(BEING CONTINUED FROM 08/04/14)
2.5. Philosophy of language in Dionysius’ On Composition?
In section 2.3, I discussed some aspects of the relationship between words, thoughts
and extra-linguistic referents as treated in Dionysius’ rhetorical works. The present
section will focus on a related problem in Dionysius’ On Composition, which
concerns his ideas on the connection between names (ÙnÒmata) and things
(prãgmata). Scholars have suggested that in three different chapters of his treatise
Dionysius expresses views on this topic. His formulations in those passages seem to
betray philosophical influence. The three passages have puzzled modern scholars,
because Dionysius appears to defend two incompatible views within one treatise,
namely an arbitrary relation between names and words on the one hand (Comp. 18),
and a natural correctness of words on the other hand (Comp. 16).88 A third passage
(Comp. 3) has been considered even internally inconsistent.89 I will argue that these
passages, when interpreted within their rhetorical context, are not incompatible with
each other, but fully consistent. Further, I will show that it is in fact doubtful whether
Dionysius expresses any belief at all concerning the philosophical subject of the
correctness of words. These passages should first and foremost be understood as part
of Dionysius’ rhetorical instruction on several aspects of composition.
First, I will briefly cite the three relevant statements that Dionysius seems to make on
the relation between names and things, and I will mention the inconsistencies that
modern interpreters have observed in these remarks (section 2.5.1). Next, I will raise
some objections to the modern interpretations (section 2.5.2). Finally, I will attempt to
interpret the three passages within their rhetorical context (sections 2.5.3, 2.5.4,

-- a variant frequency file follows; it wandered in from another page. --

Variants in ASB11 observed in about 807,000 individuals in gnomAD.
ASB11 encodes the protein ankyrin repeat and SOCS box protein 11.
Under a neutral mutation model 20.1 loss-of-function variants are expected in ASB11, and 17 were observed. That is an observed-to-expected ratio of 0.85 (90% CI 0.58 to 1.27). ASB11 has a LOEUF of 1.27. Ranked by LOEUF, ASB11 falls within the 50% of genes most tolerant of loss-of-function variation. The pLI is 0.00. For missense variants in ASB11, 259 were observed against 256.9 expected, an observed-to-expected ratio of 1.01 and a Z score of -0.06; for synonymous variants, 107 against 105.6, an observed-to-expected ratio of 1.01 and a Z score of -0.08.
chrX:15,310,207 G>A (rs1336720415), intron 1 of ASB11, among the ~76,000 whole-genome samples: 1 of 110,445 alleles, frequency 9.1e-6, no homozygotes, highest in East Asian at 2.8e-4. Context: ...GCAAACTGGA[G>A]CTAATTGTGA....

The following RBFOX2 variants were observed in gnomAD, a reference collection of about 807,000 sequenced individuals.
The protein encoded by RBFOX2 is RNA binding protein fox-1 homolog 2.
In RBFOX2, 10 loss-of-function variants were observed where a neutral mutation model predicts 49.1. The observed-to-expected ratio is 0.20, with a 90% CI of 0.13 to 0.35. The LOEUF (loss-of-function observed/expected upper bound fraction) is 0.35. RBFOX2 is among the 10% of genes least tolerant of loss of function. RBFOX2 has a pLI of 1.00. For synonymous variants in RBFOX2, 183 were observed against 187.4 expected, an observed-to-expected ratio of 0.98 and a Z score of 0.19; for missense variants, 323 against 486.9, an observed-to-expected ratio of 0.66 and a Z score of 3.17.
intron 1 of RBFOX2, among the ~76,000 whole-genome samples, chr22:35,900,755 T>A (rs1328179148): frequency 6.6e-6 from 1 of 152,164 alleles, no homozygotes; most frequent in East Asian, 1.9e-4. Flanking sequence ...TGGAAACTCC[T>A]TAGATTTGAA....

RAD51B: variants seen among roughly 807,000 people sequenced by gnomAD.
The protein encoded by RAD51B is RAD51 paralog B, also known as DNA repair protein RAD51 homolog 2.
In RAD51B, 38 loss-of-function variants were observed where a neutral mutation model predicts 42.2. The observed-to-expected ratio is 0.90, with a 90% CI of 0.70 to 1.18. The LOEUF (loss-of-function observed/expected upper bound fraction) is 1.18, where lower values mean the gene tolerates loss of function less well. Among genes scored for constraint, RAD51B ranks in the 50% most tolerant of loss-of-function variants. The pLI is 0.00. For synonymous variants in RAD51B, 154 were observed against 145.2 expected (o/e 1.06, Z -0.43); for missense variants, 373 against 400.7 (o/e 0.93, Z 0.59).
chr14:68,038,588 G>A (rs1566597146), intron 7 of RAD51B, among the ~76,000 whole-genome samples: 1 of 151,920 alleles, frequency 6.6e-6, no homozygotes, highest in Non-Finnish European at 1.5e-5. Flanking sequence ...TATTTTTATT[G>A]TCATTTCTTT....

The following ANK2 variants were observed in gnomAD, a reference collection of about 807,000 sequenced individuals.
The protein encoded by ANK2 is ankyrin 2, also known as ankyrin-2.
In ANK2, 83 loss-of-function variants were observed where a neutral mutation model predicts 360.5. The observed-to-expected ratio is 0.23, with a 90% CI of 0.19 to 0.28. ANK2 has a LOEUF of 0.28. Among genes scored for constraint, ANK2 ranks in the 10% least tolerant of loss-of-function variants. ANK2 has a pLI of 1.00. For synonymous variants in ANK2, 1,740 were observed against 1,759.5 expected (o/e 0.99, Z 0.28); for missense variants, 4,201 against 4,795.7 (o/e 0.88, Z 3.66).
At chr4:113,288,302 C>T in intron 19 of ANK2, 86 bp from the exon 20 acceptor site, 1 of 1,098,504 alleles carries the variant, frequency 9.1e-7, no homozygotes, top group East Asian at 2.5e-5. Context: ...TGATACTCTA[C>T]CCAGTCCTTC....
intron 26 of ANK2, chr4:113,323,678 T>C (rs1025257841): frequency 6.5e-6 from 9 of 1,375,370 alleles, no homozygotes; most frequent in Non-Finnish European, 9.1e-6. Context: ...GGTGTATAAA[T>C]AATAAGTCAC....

2.5.5), in order to demonstrate that the three statements are in fact not incompatible.
2.5.1. The alleged inconsistency in Dionysius’ views on names and things
the alleged ‘source’ that Dionysius has used in these passages (Platonic, Aristotelian
or Stoic) than in the point that he is making himself.111 My objection to this approach
is mainly that it interprets Dionysius as someone who just copies and pastes his book
together. Schenkeveld’s suggestion that Dionysius ‘only reproduces what he has read,
without realizing its implications’ ignores the fact that Dionysius’ statements are
directly relevant to the context of his theory of composition.112 The idea that
Dionysius merely copies earlier ideas and brings them together without adding
anything useful is characteristic of nineteenth-century scholarship, but it has
influenced a lot of more recent interpretations as well (see section 1.1). I will not
follow this approach. Instead, I will now look more closely at the three passages cited
above in order to understand how they fit into Dionysius’ compositional theory.
(TO BE CONTINUED)
88 Comp. 18.74,2; Comp. 16.62,9-12. See Schenkeveld (1983) 89.
89 Comp. 3.14,11-12. See Schenkeveld (1983) 90.